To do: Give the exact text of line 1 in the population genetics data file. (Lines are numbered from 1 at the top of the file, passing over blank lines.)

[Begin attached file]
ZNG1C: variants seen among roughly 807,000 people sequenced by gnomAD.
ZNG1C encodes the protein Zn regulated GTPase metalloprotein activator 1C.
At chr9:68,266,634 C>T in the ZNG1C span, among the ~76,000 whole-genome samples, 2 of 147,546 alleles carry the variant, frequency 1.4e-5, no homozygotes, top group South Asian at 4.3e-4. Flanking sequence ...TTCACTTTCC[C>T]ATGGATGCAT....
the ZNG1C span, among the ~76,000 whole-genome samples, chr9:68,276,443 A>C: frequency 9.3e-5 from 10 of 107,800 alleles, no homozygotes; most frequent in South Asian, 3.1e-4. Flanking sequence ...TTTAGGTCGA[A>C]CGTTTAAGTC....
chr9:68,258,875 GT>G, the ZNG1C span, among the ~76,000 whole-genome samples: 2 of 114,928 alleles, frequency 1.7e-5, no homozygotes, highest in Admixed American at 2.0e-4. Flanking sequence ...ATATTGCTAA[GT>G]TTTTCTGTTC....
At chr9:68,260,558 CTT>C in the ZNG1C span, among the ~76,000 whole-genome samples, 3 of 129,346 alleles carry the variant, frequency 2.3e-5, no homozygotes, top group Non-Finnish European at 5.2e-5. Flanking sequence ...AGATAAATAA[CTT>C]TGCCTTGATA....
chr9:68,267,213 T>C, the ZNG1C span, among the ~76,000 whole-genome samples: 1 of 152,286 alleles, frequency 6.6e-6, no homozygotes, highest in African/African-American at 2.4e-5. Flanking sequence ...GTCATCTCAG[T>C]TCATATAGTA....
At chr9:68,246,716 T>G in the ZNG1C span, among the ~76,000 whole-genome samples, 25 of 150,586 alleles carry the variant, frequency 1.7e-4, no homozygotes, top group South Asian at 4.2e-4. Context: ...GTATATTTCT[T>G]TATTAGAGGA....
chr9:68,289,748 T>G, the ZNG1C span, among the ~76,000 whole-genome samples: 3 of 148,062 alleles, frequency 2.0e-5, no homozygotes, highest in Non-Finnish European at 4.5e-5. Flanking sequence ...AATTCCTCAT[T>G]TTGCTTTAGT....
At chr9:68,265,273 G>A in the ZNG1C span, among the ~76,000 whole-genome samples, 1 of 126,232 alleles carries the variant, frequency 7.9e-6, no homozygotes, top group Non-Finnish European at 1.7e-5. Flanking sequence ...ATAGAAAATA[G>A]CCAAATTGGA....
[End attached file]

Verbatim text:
ZNG1C: variants seen among roughly 807,000 people sequenced by gnomAD.